The writer of the short notice in your issue of the 16th...

Nation

The writer of the short notice in your issue of the 16th inst., of Miss Milmine's life of Mrs. Eddy makes an illuminating remark. He says that it is difficult to understand from the picture drawn the fascination exerted by the subject. It certainly is most difficult to understand. The writer depicts Mrs. Eddy—the terms are those selected by the reviewer—as "selfish,"—yet Mrs. Eddy is known in her own neighborhood as one of the most charitable of citizens. When, not long since, after a residence of nineteen years in Concord, she moved to Boston, the mover of the farewell address, carried unanimously by the city council, spoke in these terms: "It is quite unnecessary for me to prompt your memory of the countless deeds of charity and her endless gifts. Neither is it necessary for me to call your attention to her innumerable donations to the more unfortunate ones in our midst." "Fickle,"—yet she is surrounded by workers, inside and outside her household, who have lived no terms of intimacy and the deepest affection for her for a quarter of a century. "Unlearned,"—yet the Christian Science movement contains thousands of men successful in business and well known at the bar, in the army and navy, and in artistic, literary, and scientific circles, who have found their greatest intellectual and spiritual stimulus in her teaching.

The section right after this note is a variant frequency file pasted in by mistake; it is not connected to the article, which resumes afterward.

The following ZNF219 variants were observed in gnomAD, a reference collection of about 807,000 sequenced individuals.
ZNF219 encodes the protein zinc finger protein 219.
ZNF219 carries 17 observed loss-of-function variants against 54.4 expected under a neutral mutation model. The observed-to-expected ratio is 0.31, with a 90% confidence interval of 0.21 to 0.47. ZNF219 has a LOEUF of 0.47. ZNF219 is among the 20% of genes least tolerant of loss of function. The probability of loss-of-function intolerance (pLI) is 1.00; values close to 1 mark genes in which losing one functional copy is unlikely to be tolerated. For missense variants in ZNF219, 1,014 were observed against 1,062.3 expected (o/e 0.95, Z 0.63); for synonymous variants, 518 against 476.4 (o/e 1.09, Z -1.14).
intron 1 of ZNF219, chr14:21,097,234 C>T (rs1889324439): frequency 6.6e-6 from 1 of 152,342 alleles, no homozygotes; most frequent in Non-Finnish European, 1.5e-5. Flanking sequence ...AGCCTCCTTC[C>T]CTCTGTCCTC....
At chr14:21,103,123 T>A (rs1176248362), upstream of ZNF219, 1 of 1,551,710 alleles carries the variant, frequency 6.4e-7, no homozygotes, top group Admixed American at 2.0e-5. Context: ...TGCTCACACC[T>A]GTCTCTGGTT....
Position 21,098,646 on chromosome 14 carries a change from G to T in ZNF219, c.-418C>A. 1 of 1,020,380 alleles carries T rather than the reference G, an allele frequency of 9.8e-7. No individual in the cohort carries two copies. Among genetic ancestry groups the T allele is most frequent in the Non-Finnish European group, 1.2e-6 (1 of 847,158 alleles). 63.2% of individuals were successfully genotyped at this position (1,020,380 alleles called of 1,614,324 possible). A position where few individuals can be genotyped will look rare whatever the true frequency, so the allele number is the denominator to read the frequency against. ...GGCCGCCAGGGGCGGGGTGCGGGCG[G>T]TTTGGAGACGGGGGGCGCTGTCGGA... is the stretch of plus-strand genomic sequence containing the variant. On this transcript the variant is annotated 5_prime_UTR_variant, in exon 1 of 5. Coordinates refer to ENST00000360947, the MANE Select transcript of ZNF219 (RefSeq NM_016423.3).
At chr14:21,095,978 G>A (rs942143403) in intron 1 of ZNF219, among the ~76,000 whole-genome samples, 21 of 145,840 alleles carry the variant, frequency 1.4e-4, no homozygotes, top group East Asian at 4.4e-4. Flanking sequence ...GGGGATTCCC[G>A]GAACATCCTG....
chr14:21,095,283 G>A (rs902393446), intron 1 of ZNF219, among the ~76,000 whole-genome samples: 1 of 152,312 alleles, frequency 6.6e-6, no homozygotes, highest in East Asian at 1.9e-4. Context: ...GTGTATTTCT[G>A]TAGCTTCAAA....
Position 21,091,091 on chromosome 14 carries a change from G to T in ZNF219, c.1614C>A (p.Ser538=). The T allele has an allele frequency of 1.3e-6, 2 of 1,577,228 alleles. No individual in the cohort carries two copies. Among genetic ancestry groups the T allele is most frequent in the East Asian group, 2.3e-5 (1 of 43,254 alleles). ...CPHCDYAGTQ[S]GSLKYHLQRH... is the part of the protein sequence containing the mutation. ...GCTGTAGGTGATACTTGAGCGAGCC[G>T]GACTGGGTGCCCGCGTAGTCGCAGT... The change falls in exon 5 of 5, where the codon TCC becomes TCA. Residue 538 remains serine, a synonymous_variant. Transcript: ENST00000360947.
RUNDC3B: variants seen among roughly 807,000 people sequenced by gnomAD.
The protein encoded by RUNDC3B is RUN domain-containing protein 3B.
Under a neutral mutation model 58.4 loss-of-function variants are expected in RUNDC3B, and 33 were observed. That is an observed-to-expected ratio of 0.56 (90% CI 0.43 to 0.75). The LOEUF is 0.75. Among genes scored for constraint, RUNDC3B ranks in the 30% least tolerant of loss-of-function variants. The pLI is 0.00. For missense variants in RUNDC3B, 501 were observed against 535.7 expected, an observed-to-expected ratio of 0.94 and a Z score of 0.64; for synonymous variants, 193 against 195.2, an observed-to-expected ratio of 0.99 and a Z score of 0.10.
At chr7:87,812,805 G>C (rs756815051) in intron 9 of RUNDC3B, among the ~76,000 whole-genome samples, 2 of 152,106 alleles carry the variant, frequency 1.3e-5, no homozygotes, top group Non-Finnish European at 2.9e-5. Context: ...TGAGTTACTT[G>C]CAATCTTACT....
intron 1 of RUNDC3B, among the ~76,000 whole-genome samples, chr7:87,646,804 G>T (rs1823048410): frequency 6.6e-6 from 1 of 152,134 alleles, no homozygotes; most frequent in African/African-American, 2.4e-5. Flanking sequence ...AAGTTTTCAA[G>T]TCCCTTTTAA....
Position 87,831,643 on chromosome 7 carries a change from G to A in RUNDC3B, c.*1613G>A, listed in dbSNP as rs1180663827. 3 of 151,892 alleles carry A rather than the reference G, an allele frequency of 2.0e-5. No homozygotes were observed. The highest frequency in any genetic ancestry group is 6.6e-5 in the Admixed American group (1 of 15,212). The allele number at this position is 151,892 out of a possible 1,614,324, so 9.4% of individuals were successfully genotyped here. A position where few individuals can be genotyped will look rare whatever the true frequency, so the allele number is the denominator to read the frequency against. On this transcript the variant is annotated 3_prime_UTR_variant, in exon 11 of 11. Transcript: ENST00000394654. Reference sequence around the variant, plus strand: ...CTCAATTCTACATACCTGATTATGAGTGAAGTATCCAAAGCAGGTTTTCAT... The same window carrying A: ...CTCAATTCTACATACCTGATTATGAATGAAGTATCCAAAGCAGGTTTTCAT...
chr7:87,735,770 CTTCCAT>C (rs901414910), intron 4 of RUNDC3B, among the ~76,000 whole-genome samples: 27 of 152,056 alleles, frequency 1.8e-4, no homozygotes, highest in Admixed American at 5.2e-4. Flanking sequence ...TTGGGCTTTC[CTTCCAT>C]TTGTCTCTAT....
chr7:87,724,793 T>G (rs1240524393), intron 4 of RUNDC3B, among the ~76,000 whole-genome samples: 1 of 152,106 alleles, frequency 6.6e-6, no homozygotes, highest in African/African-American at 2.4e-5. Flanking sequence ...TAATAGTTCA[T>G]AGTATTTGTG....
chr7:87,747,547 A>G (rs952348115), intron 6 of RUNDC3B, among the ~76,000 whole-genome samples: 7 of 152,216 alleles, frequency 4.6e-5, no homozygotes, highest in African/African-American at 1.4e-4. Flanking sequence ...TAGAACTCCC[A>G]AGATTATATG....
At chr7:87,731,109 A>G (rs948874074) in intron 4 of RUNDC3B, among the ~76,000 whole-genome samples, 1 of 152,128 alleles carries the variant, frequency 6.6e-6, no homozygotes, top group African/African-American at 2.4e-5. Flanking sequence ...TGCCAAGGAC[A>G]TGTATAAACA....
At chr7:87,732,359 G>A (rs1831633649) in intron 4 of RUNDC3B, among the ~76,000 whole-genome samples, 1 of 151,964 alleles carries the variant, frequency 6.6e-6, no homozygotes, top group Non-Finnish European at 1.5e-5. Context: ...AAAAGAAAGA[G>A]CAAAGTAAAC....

Is it any wonder that Dr. Allan McLane Hamilton, himself not a Christian Scientist, but one of the most distinguished of American medical men, who was brought in contact a little time ago with Mrs. Eddy in a law case into which she had been forced, wrote to her afterward: "It is the lot of every one who is in earnest in this life to have rivals and sometimes calumniators, and your have certainly had your share." "Suspicious,"—yet she has conceived a form of church government, the most democratic in the world, in which every congregation holds and disposes of its own church property, makes its own by-laws, and governs itself literally for the congregation, by the congregation. So suspicious is she that no member of the church is permitted even to make a complaint to her about another member. "Unscrupulous,"—yet the entire organization of the Christian Science movement is, under her instructions, scrupulous to the last extent of the rights and feelings of those who do not agree with it. "Quick to make and unmake favorites the moment she suspects want of obedience,"—yet she never interferes in the government of churches, but on the contrary leaves the entire movement free to work out its own salvation. No wonder that a great New York paper, absolutely unconnected with Christian Science, lately wrote, "The public is tired of the hue and cry against Christian Science, and is not a little sympathetic with the dignified lady who presides over the councils of that church."

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